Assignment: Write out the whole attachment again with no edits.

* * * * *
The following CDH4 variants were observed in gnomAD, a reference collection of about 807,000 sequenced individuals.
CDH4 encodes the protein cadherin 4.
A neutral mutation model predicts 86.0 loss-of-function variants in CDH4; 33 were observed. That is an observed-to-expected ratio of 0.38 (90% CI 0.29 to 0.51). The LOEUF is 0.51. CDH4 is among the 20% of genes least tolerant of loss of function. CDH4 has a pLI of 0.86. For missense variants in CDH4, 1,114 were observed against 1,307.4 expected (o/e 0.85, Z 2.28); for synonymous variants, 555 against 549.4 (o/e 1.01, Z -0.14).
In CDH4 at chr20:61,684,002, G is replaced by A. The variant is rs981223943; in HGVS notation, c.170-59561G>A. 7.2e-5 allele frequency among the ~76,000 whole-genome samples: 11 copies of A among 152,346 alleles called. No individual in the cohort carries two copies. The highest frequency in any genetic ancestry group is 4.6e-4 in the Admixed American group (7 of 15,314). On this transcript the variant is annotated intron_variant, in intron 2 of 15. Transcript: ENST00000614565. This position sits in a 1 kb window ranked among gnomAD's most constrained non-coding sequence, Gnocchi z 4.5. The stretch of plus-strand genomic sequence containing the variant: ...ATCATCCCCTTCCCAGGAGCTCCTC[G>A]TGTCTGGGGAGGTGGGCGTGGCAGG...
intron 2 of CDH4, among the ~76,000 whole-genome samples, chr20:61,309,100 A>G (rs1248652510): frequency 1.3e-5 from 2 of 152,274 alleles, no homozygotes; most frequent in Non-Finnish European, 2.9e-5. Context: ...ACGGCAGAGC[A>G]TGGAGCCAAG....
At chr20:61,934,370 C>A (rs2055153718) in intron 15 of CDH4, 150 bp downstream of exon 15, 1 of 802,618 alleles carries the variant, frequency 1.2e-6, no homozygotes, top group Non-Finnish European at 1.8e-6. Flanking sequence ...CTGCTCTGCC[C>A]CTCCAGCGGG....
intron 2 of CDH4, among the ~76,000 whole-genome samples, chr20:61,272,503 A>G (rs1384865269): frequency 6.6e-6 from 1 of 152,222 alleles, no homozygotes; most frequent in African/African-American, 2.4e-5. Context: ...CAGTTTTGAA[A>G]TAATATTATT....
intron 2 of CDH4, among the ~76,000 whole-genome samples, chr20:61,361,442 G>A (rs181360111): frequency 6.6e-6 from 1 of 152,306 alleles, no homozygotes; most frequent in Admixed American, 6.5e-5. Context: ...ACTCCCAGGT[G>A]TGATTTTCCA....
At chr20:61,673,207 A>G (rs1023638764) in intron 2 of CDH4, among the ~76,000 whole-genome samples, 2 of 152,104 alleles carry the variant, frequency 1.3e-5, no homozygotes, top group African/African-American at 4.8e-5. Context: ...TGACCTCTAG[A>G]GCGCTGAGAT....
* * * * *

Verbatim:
The following CDH4 variants were observed in gnomAD, a reference collection of about 807,000 sequenced individuals.
CDH4 encodes the protein cadherin 4.
A neutral mutation model predicts 86.0 loss-of-function variants in CDH4; 33 were observed. That is an observed-to-expected ratio of 0.38 (90% CI 0.29 to 0.51). The LOEUF is 0.51. CDH4 is among the 20% of genes least tolerant of loss of function. CDH4 has a pLI of 0.86. For missense variants in CDH4, 1,114 were observed against 1,307.4 expected (o/e 0.85, Z 2.28); for synonymous variants, 555 against 549.4 (o/e 1.01, Z -0.14).
In CDH4 at chr20:61,684,002, G is replaced by A. The variant is rs981223943; in HGVS notation, c.170-59561G>A. 7.2e-5 allele frequency among the ~76,000 whole-genome samples: 11 copies of A among 152,346 alleles called. No individual in the cohort carries two copies. The highest frequency in any genetic ancestry group is 4.6e-4 in the Admixed American group (7 of 15,314). On this transcript the variant is annotated intron_variant, in intron 2 of 15. Transcript: ENST00000614565. This position sits in a 1 kb window ranked among gnomAD's most constrained non-coding sequence, Gnocchi z 4.5. The stretch of plus-strand genomic sequence containing the variant: ...ATCATCCCCTTCCCAGGAGCTCCTC[G>A]TGTCTGGGGAGGTGGGCGTGGCAGG...
intron 2 of CDH4, among the ~76,000 whole-genome samples, chr20:61,309,100 A>G (rs1248652510): frequency 1.3e-5 from 2 of 152,274 alleles, no homozygotes; most frequent in Non-Finnish European, 2.9e-5. Context: ...ACGGCAGAGC[A>G]TGGAGCCAAG....
At chr20:61,934,370 C>A (rs2055153718) in intron 15 of CDH4, 150 bp downstream of exon 15, 1 of 802,618 alleles carries the variant, frequency 1.2e-6, no homozygotes, top group Non-Finnish European at 1.8e-6. Flanking sequence ...CTGCTCTGCC[C>A]CTCCAGCGGG....
intron 2 of CDH4, among the ~76,000 whole-genome samples, chr20:61,272,503 A>G (rs1384865269): frequency 6.6e-6 from 1 of 152,222 alleles, no homozygotes; most frequent in African/African-American, 2.4e-5. Context: ...CAGTTTTGAA[A>G]TAATATTATT....
intron 2 of CDH4, among the ~76,000 whole-genome samples, chr20:61,361,442 G>A (rs181360111): frequency 6.6e-6 from 1 of 152,306 alleles, no homozygotes; most frequent in Admixed American, 6.5e-5. Context: ...ACTCCCAGGT[G>A]TGATTTTCCA....
At chr20:61,673,207 A>G (rs1023638764) in intron 2 of CDH4, among the ~76,000 whole-genome samples, 2 of 152,104 alleles carry the variant, frequency 1.3e-5, no homozygotes, top group African/African-American at 4.8e-5. Context: ...TGACCTCTAG[A>G]GCGCTGAGAT....